With their sharp canine teeth and a gut built to break down meat, pandas have kept many features of their carnivorous ancestors. But these bamboo-munching vegetarians sport one piece of anatomy that may be evolving at a more rapid clip: their tongue. As ancient pandas switched to a plant-based diet, their bitter taste perception got better, according to a new study, helping them detect the dangerous toxins in bamboo.
Most plants are laced with bitter—and potentially harmful—toxins like cyanide, nicotine, and ricin to deter hungry herbivores. That may explain why plant eaters are more sensitive to bitter flavors than meat eaters, who rarely encounter them. At the extreme lie whales—exclusive carnivores that have gone completely tongue-blind to bitterness.
But as herbivores go, pandas are the new kids on the block, having gone vegetarian just a few million years ago. The ancestors of both the giant panda and the raccoonlike red panda regularly dined on flesh. But sometime in the past 7 million years, for reasons still unknown, they swapped meat for shoots and leaves. Dwindling prey coupled with the massive growth of bamboo forests in what is now southern China may have fueled the shift in diet. Previous genetic research found that soon after giant pandas began chomping on bamboo, they lost the ability to taste umami, the savory flavor in meat.
To find out whether giant and red pandas also gained the ability to taste the bitter toxins in bamboo, researchers led by conservation geneticist Fuwen Wei at the Chinese Academy of Sciences in Beijing screened the genomes of both species. The team looked specifically at genes of the TAS2R family—TAS2R1, TAS2R2, and so on—which encodes the bitter taste receptors inside taste buds. They also screened the genomes of seven carnivorous panda cousins, including polar bears, wolves, tigers, and cheetahs.
Both species of panda possessed 16 intact bitter taste receptor genes, more than their meat-eating relatives, who had between 10 and 14, the scientists will report in Integrative Zoology. In the carnivores, the bitter sensing genes had slowly built up random mutations that rendered many of them useless. Conversely, the panda genomes not only largely preserved the codes of their bitter receptors, but even developed some seemingly useful mutations. One gene in giant pandas, TAS2R42, had accumulated mutations with incredible speed compared with their other genes—a telltale sign that natural selection had favored these mutations. Presumably, these changes to the code generated a superior version of the receptor that helped the pandas detect chemicals in bamboo. “This is the most important evidence that giant pandas evolved adaptively to bamboo,” says Lei Shan, a geneticist and co-author of the study.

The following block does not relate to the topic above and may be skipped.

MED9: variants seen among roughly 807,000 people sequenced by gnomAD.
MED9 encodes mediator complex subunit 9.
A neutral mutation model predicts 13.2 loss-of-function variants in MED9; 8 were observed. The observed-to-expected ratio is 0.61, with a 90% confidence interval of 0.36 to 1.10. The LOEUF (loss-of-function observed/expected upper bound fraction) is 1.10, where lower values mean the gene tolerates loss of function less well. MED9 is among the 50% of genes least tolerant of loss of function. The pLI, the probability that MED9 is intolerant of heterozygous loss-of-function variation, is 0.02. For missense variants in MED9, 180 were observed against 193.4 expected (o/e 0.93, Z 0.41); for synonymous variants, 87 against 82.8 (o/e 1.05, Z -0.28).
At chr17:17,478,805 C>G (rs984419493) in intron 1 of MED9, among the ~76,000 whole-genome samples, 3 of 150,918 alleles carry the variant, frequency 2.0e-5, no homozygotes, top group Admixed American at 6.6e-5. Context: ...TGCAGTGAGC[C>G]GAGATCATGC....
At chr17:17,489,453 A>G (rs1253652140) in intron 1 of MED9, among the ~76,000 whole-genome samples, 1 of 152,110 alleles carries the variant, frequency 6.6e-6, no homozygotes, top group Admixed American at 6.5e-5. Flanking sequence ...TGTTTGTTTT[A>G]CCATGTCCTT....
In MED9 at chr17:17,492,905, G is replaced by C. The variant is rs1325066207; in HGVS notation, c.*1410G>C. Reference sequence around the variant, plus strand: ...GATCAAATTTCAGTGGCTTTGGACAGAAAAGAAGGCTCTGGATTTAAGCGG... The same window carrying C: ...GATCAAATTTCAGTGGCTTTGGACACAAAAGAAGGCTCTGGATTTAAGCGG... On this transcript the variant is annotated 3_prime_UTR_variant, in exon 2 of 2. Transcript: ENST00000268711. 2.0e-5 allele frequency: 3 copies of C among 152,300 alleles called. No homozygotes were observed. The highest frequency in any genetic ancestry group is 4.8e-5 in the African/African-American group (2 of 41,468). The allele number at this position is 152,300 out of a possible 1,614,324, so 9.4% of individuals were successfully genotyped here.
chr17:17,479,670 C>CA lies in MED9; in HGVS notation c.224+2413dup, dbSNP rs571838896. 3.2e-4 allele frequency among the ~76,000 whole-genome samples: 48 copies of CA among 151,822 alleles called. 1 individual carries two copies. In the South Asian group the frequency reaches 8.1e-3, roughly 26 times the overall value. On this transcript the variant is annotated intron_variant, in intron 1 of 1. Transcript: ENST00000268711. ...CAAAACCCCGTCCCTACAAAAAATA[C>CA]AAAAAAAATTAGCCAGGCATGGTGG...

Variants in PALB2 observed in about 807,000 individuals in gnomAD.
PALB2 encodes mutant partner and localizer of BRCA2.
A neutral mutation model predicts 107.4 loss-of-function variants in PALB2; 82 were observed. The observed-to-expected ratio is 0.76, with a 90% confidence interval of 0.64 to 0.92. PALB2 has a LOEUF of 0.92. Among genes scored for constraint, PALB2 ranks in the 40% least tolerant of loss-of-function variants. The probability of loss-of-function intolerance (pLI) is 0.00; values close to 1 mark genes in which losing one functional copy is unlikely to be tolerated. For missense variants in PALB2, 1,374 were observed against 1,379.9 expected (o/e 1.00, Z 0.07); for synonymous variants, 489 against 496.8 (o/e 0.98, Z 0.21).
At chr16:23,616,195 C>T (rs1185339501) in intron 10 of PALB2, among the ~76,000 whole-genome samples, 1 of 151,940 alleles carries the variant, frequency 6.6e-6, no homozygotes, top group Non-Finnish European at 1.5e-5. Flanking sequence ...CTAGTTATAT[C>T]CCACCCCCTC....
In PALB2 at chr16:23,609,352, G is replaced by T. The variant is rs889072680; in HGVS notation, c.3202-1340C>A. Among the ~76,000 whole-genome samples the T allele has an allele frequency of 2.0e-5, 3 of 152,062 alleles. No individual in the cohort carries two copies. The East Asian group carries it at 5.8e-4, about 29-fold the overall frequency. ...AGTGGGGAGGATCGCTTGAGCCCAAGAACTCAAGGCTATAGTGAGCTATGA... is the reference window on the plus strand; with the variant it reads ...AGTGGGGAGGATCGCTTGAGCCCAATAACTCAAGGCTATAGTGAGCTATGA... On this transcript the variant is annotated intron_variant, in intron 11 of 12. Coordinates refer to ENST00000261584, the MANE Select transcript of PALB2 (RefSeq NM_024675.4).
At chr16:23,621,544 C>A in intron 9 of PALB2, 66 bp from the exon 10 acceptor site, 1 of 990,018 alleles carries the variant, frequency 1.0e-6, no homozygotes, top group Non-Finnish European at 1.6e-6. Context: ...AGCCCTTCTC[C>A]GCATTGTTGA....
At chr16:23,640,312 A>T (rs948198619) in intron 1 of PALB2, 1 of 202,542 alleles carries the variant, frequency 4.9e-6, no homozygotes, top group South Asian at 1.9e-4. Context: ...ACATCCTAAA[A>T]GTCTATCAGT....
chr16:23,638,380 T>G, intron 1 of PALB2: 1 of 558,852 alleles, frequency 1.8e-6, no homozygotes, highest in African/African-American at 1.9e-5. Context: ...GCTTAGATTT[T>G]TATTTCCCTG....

Stephen Wooding, an evolutionary geneticist at the University of California, Merced, says the findings are consistent with what he and other researchers believe happened in pandas. He notes that the pandas still have slightly fewer bitter taste receptors than most herbivores, which jives with their former penchant for meat. “They probably started to lose their bitter receptors, but it looks like when their diet shifted, that put the brakes on,” he says. Their meat-loving contemporaries continued to lose their bitter receptors, but pandas began retaining theirs.
The findings are still speculative, says molecular biologist Peihua Jiang at the Monell Chemical Senses Center in Philadelphia, Pennsylvania, who was not involved in the research. He points out that whether the panda receptors can detect the specific set of bitter compounds found in bamboo remains unknown. But as it turns out, Shan and his colleagues are already working on this, testing how panda receptors in living cells react when they get bombarded with bamboo-derived toxins. Their results could further clarify why, for pandas, evolution has such a bitter taste.